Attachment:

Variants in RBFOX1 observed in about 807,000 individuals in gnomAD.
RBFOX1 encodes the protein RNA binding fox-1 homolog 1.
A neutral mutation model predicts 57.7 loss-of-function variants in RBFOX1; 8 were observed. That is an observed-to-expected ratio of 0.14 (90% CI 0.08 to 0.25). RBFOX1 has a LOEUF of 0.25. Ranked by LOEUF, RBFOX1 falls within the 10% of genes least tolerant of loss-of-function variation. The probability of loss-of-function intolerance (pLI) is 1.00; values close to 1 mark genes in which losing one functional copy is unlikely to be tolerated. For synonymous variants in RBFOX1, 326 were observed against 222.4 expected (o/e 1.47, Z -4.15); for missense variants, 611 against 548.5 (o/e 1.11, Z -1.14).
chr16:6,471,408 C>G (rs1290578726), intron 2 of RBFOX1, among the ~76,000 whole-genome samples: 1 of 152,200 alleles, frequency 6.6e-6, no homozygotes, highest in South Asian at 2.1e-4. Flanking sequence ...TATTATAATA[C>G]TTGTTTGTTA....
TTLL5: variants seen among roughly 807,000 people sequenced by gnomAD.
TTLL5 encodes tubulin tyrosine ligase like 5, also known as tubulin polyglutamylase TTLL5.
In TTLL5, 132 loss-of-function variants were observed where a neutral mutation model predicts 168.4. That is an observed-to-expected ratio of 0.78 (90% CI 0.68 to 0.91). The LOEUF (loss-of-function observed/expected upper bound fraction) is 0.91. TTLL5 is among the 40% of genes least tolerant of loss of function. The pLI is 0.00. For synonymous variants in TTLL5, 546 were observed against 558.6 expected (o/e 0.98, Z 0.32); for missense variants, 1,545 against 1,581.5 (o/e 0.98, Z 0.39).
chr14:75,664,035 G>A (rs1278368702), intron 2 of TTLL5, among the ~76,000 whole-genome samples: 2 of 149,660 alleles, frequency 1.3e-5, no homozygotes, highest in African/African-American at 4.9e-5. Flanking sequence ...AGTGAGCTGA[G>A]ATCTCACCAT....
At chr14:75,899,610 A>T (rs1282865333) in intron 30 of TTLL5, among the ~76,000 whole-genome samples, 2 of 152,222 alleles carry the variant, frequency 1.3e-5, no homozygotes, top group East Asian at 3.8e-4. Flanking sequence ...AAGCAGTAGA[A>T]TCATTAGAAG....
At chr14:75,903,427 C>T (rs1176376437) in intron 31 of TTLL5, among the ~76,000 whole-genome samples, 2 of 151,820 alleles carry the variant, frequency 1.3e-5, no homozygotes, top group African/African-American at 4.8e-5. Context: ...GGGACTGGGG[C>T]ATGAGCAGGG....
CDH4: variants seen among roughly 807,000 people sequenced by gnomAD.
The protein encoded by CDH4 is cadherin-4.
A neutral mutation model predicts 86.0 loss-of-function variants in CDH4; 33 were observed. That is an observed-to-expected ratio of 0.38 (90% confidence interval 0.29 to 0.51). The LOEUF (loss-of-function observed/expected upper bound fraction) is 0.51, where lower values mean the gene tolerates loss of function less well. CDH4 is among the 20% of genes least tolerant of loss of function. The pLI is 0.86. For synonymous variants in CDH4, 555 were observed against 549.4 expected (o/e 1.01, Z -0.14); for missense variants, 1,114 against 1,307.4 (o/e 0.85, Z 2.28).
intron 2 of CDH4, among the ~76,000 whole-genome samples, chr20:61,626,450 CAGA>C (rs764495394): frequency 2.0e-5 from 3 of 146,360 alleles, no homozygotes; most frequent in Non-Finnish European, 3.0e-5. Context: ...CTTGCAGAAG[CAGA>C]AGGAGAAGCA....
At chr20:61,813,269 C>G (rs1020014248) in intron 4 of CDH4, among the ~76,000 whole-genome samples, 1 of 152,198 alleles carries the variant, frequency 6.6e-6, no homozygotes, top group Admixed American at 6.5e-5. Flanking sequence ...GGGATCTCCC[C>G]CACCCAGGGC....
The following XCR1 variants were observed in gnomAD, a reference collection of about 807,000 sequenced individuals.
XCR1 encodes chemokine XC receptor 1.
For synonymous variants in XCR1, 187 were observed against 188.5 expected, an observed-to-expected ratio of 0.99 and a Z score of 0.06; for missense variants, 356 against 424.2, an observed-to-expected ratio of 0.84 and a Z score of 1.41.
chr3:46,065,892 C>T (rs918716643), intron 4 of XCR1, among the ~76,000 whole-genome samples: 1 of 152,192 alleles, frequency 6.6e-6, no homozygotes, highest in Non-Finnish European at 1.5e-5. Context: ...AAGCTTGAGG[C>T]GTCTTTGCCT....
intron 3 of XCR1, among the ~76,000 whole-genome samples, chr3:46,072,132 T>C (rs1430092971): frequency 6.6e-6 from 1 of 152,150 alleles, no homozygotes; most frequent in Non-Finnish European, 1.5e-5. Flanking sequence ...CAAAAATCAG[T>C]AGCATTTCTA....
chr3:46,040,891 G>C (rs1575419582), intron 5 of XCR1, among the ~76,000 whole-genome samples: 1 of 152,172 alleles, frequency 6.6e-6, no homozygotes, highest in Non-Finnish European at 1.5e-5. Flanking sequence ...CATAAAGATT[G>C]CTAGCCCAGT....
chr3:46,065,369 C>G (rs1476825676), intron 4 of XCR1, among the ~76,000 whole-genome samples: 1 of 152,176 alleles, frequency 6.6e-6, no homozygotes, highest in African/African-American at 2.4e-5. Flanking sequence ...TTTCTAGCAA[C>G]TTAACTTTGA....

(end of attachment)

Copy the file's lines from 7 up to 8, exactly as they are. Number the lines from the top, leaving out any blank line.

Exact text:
In TTLL5, 132 loss-of-function variants were observed where a neutral mutation model predicts 168.4. That is an observed-to-expected ratio of 0.78 (90% CI 0.68 to 0.91). The LOEUF (loss-of-function observed/expected upper bound fraction) is 0.91. TTLL5 is among the 40% of genes least tolerant of loss of function. The pLI is 0.00. For synonymous variants in TTLL5, 546 were observed against 558.6 expected (o/e 0.98, Z 0.32); for missense variants, 1,545 against 1,581.5 (o/e 0.98, Z 0.39).
chr14:75,664,035 G>A (rs1278368702), intron 2 of TTLL5, among the ~76,000 whole-genome samples: 2 of 149,660 alleles, frequency 1.3e-5, no homozygotes, highest in African/African-American at 4.9e-5. Flanking sequence ...AGTGAGCTGA[G>A]ATCTCACCAT....